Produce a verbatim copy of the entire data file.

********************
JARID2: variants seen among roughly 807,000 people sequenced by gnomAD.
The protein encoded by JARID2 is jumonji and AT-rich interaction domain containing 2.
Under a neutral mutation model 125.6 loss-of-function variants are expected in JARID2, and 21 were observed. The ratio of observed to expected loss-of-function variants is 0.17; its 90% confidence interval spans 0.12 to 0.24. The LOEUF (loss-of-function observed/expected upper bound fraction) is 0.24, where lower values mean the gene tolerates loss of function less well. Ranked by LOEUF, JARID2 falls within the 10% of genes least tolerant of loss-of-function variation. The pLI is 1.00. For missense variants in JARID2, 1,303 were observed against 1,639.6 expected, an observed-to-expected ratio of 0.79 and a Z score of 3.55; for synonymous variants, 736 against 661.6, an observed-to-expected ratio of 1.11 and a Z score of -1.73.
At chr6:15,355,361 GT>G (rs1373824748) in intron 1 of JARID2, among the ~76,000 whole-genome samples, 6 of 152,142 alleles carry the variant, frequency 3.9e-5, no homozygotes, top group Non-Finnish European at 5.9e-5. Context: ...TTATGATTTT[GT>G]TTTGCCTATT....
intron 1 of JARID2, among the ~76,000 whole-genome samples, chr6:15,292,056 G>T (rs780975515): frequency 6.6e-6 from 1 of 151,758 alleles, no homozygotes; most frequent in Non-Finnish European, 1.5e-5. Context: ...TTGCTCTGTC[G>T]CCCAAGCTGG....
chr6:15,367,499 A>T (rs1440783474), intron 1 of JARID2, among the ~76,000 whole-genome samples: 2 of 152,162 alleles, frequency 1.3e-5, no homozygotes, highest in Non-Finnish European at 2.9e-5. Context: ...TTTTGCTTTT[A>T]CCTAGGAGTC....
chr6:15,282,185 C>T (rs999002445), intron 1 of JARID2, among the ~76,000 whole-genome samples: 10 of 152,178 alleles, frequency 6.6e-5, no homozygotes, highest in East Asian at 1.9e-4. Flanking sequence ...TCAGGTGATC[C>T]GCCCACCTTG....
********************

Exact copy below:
JARID2: variants seen among roughly 807,000 people sequenced by gnomAD.
The protein encoded by JARID2 is jumonji and AT-rich interaction domain containing 2.
Under a neutral mutation model 125.6 loss-of-function variants are expected in JARID2, and 21 were observed. The ratio of observed to expected loss-of-function variants is 0.17; its 90% confidence interval spans 0.12 to 0.24. The LOEUF (loss-of-function observed/expected upper bound fraction) is 0.24, where lower values mean the gene tolerates loss of function less well. Ranked by LOEUF, JARID2 falls within the 10% of genes least tolerant of loss-of-function variation. The pLI is 1.00. For missense variants in JARID2, 1,303 were observed against 1,639.6 expected, an observed-to-expected ratio of 0.79 and a Z score of 3.55; for synonymous variants, 736 against 661.6, an observed-to-expected ratio of 1.11 and a Z score of -1.73.
At chr6:15,355,361 GT>G (rs1373824748) in intron 1 of JARID2, among the ~76,000 whole-genome samples, 6 of 152,142 alleles carry the variant, frequency 3.9e-5, no homozygotes, top group Non-Finnish European at 5.9e-5. Context: ...TTATGATTTT[GT>G]TTTGCCTATT....
intron 1 of JARID2, among the ~76,000 whole-genome samples, chr6:15,292,056 G>T (rs780975515): frequency 6.6e-6 from 1 of 151,758 alleles, no homozygotes; most frequent in Non-Finnish European, 1.5e-5. Context: ...TTGCTCTGTC[G>T]CCCAAGCTGG....
chr6:15,367,499 A>T (rs1440783474), intron 1 of JARID2, among the ~76,000 whole-genome samples: 2 of 152,162 alleles, frequency 1.3e-5, no homozygotes, highest in Non-Finnish European at 2.9e-5. Context: ...TTTTGCTTTT[A>T]CCTAGGAGTC....
chr6:15,282,185 C>T (rs999002445), intron 1 of JARID2, among the ~76,000 whole-genome samples: 10 of 152,178 alleles, frequency 6.6e-5, no homozygotes, highest in East Asian at 1.9e-4. Flanking sequence ...TCAGGTGATC[C>T]GCCCACCTTG....